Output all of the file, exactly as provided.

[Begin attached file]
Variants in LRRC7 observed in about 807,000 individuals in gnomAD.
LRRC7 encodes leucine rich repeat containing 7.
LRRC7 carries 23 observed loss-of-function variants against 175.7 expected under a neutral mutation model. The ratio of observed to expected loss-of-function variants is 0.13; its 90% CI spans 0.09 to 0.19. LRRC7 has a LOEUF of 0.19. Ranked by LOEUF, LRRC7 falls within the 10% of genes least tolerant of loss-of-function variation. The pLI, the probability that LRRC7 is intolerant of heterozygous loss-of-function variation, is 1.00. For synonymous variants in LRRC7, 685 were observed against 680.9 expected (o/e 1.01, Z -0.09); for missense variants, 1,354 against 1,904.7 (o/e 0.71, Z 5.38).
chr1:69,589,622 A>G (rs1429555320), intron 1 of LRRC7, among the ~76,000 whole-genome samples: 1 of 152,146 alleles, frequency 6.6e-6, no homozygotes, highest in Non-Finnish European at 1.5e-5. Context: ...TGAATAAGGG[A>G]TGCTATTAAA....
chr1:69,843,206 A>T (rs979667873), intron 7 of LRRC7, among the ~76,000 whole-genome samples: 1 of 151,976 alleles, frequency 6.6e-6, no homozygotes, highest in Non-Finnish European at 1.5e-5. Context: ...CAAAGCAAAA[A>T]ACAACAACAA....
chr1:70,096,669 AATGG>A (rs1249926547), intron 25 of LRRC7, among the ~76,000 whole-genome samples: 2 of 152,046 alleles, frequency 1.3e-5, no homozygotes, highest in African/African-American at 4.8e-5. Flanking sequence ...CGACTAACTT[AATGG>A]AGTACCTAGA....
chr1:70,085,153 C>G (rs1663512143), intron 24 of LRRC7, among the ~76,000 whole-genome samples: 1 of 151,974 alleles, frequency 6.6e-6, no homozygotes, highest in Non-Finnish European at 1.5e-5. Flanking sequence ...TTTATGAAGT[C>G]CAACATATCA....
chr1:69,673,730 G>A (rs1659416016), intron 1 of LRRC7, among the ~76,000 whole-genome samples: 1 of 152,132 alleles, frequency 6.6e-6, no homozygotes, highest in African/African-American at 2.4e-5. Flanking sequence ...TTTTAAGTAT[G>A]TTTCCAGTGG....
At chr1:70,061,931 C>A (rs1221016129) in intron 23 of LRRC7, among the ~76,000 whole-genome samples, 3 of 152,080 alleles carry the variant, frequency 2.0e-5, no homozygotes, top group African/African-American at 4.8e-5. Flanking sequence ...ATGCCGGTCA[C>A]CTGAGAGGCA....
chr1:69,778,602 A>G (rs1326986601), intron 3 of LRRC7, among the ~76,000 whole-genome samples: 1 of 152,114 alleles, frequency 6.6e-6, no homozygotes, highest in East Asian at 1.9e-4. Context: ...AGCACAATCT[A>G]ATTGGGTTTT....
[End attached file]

Variants in LRRC7 observed in about 807,000 individuals in gnomAD.
LRRC7 encodes leucine rich repeat containing 7.
LRRC7 carries 23 observed loss-of-function variants against 175.7 expected under a neutral mutation model. The ratio of observed to expected loss-of-function variants is 0.13; its 90% CI spans 0.09 to 0.19. LRRC7 has a LOEUF of 0.19. Ranked by LOEUF, LRRC7 falls within the 10% of genes least tolerant of loss-of-function variation. The pLI, the probability that LRRC7 is intolerant of heterozygous loss-of-function variation, is 1.00. For synonymous variants in LRRC7, 685 were observed against 680.9 expected (o/e 1.01, Z -0.09); for missense variants, 1,354 against 1,904.7 (o/e 0.71, Z 5.38).
chr1:69,589,622 A>G (rs1429555320), intron 1 of LRRC7, among the ~76,000 whole-genome samples: 1 of 152,146 alleles, frequency 6.6e-6, no homozygotes, highest in Non-Finnish European at 1.5e-5. Context: ...TGAATAAGGG[A>G]TGCTATTAAA....
chr1:69,843,206 A>T (rs979667873), intron 7 of LRRC7, among the ~76,000 whole-genome samples: 1 of 151,976 alleles, frequency 6.6e-6, no homozygotes, highest in Non-Finnish European at 1.5e-5. Context: ...CAAAGCAAAA[A>T]ACAACAACAA....
chr1:70,096,669 AATGG>A (rs1249926547), intron 25 of LRRC7, among the ~76,000 whole-genome samples: 2 of 152,046 alleles, frequency 1.3e-5, no homozygotes, highest in African/African-American at 4.8e-5. Flanking sequence ...CGACTAACTT[AATGG>A]AGTACCTAGA....
chr1:70,085,153 C>G (rs1663512143), intron 24 of LRRC7, among the ~76,000 whole-genome samples: 1 of 151,974 alleles, frequency 6.6e-6, no homozygotes, highest in Non-Finnish European at 1.5e-5. Flanking sequence ...TTTATGAAGT[C>G]CAACATATCA....
chr1:69,673,730 G>A (rs1659416016), intron 1 of LRRC7, among the ~76,000 whole-genome samples: 1 of 152,132 alleles, frequency 6.6e-6, no homozygotes, highest in African/African-American at 2.4e-5. Flanking sequence ...TTTTAAGTAT[G>A]TTTCCAGTGG....
At chr1:70,061,931 C>A (rs1221016129) in intron 23 of LRRC7, among the ~76,000 whole-genome samples, 3 of 152,080 alleles carry the variant, frequency 2.0e-5, no homozygotes, top group African/African-American at 4.8e-5. Flanking sequence ...ATGCCGGTCA[C>A]CTGAGAGGCA....
chr1:69,778,602 A>G (rs1326986601), intron 3 of LRRC7, among the ~76,000 whole-genome samples: 1 of 152,114 alleles, frequency 6.6e-6, no homozygotes, highest in East Asian at 1.9e-4. Context: ...AGCACAATCT[A>G]ATTGGGTTTT....